Saudi THAAD deal is a regional game changer

THAAD is designed to stop missiles at the beginning of their terminal descent at very high altitudes.
Sunday 09/12/2018
Best-in-class. A US Army Terminal High Altitude Area Defence (THAAD) weapon system at Andersen Air Force Base in Guam. (US Army)
Best-in-class. A US Army Terminal High Altitude Area Defence (THAAD) weapon system at Andersen Air Force Base in Guam. (US Army)

DUBAI - Saudi Arabia and the United States are in late stages of discussions regarding the sale of the Terminal High Altitude Area Defence (THAAD) system, which was principally agreed to more than a year ago.

With formalities of the sale largely settled, Royal Saudi Air Defence operators will be looking to receive the first of seven THAAD systems ordered by as early as 2020.

THAAD is the United States’ newest and most advanced ballistic missile defence system and Saudi Arabia would be the second international customer after the United Arab Emirates, which ordered the system in 2011. Both of the Emirates’ THAAD systems have been operational since 2016.

Riyadh’s and Abu Dhabi’s acquisitions were driven by the threat of Iran’s ballistic missile programme. Iran conducted a missile test on December 1 which, US Secretary of State Mike Pompeo said, involved a “medium-range ballistic missile that’s capable of carrying multiple warheads.”

The test was a timely reminder of the regional missile threat and confirmed intelligence estimates that Iran’s capabilities were becoming more sophisticated. Another concern is Iran’s readiness to share missiles or technical assistance with partners, including non-state actors such as Hezbollah and Yemen’s Houthis, accelerating regional missile proliferation.

The Arab Gulf is acutely aware of ballistic missile threats, having witnessed the Iraqi invasion of Iran and Kuwait, in which Scud missiles featured prominently. Technology has improved considerably since then and today’s generation of ballistic missiles are much more powerful, accurate and difficult to defend against.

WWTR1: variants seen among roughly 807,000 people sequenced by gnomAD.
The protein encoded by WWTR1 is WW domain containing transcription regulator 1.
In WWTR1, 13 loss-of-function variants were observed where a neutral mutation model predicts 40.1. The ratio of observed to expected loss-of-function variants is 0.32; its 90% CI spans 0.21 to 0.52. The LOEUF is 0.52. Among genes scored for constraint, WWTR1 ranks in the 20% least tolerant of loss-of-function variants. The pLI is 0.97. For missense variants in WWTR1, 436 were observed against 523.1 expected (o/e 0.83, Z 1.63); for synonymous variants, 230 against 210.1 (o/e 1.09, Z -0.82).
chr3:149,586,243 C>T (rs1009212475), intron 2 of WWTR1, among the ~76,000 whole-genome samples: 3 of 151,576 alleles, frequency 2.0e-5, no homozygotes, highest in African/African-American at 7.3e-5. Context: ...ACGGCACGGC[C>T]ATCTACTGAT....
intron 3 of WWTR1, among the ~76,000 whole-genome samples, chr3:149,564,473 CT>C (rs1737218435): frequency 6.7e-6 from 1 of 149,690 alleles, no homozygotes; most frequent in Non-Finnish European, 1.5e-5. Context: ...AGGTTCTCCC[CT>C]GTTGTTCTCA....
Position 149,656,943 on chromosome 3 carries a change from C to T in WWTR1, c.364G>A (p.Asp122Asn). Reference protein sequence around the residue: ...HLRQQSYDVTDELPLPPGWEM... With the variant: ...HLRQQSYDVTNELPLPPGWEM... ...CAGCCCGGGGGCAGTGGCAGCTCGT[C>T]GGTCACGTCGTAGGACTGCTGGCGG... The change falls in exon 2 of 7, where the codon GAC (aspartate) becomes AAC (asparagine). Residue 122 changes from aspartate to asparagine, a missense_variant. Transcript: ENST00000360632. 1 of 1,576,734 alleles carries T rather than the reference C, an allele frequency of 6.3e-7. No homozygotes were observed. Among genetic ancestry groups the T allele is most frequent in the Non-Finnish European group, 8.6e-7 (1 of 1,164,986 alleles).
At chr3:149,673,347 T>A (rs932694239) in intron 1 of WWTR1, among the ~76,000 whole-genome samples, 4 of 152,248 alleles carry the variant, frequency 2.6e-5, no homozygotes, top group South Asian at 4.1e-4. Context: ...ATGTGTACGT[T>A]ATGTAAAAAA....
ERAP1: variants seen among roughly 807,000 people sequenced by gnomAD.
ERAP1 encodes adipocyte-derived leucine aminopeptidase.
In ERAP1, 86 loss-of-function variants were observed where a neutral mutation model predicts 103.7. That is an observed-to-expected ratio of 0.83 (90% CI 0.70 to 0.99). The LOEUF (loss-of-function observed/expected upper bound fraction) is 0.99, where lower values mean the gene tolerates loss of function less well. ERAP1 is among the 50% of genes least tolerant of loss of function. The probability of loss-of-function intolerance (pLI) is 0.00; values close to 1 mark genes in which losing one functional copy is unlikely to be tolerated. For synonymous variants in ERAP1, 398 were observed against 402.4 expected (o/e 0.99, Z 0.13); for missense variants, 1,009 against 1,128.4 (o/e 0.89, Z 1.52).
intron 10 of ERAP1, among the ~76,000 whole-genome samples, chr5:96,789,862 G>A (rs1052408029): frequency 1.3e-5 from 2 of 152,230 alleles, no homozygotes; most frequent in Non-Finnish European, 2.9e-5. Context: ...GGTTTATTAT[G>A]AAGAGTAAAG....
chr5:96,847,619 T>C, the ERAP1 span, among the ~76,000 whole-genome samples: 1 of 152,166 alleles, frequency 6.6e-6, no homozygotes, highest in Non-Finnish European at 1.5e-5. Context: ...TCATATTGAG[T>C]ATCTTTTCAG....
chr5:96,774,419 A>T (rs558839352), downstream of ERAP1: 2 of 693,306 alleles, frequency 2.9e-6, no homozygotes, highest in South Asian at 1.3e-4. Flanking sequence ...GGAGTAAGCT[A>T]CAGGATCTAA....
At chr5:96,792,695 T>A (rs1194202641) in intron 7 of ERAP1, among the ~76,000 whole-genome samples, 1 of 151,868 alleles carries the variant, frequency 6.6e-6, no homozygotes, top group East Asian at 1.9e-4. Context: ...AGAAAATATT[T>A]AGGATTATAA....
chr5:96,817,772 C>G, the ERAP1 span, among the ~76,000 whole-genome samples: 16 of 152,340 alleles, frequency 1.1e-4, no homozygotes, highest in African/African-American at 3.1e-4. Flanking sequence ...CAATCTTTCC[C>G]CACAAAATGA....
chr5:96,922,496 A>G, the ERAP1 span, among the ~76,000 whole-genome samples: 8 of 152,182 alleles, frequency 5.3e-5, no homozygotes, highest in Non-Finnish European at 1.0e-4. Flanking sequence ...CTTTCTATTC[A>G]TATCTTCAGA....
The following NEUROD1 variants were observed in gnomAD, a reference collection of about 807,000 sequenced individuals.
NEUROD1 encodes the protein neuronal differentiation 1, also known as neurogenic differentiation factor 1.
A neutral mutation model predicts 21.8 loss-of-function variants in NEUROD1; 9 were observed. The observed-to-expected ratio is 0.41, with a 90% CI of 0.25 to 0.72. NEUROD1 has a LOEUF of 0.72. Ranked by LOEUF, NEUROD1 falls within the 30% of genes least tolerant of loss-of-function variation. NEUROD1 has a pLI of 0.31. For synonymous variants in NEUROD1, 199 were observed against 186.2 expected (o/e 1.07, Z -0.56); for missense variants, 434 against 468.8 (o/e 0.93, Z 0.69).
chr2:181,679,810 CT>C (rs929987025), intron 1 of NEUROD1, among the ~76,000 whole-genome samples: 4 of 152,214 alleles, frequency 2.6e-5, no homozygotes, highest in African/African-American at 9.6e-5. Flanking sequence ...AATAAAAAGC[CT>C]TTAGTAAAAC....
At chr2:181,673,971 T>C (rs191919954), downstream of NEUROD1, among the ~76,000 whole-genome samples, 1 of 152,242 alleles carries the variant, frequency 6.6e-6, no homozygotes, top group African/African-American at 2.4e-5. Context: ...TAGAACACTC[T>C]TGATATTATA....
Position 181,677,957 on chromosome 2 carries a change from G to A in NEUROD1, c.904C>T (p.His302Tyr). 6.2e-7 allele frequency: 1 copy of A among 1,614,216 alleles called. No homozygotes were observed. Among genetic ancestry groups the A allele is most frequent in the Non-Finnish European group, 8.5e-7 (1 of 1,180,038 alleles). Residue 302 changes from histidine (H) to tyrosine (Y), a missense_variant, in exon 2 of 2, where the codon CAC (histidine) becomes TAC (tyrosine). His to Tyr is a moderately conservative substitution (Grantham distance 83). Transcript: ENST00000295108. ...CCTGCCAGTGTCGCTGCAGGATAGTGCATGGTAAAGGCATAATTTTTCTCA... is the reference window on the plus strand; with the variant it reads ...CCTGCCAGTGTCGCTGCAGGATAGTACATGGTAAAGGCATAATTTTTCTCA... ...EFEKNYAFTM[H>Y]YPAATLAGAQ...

THAAD offers a strategic defence capability. Its cutting-edge technologies are considered “best-in-class” against advanced ballistic missile threats.

THAAD is designed to stop missiles at the beginning of their terminal descent at very high altitudes. Its interceptor weapon, the SM-3, is a hypersonic “hit-to-kill” missile that can travel faster than 9,000 kph and has a range of 150km.

Jane’s intelligence service reported that each of THAAD units includes highly advanced AN/TPY-2 radar, mobile tactical stations, launchers and SM-3 interceptor missiles. The acquisition of THAAD propels Saudi Arabia’s defence into a new era and with it the Arab Gulf region’s security.

Integrated Air and Missile Defence (IAMD) has been a longstanding goal of partners in the Arab Gulf and Saudi Arabia’s THAAD acquisition is likely to be a catalyst to kick-start the transformation towards a regional missile shield.

The idea behind regional IAMD is to optimise capability by pooling resources and positioning assets to improve reaction times and make defence operations more effective. Riyadh potentially adding seven units of THAAD could make the Arab Gulf capable of defending more effectively, quickly and across a much greater coverage against potential missile attacks.

Missile defence systems deployed in the Arab Gulf, such as the Patriot system — both the PAC-2 and the upgraded PAC-3 — in Kuwait, Bahrain and Oman, have a great deal of commonality in technology and operational approaches. Theatre-deployed US assets add additional layers of defence and operational robustness to the region’s own missile defence assets.

Such developments allow conditions to improve for a regional missile shield in the next few years. Saudi Arabia has also had serious interest in the ship-based Aegis Ballistic Missile Defence System, which is an integral component of US-European missile defence.

Even as it stands, the introduction of new naval vessels with advanced sensing and communication capabilities will see Arab Gulf navies playing much greater roles in supporting air and missile defence, led by the Royal Saudi Navy.

Future acquisitions of unmanned aerial vehicles, such as the Predator-XP already operated by the UAE, will help the Arab Gulf renew and modernise the technological foundation it needs to support air and missile defence against increasingly advanced ballistic missile threats.

Riyadh’s and Washington’s ties are reinforced with the sale of THAAD and military-to-military relations will inevitably become deeper as a result. Saudi Arabia’s clout and the size of its growing missile defence capabilities are sufficient to drive the process of regional IAMD and the acquisition of THAAD is a milestone in those efforts.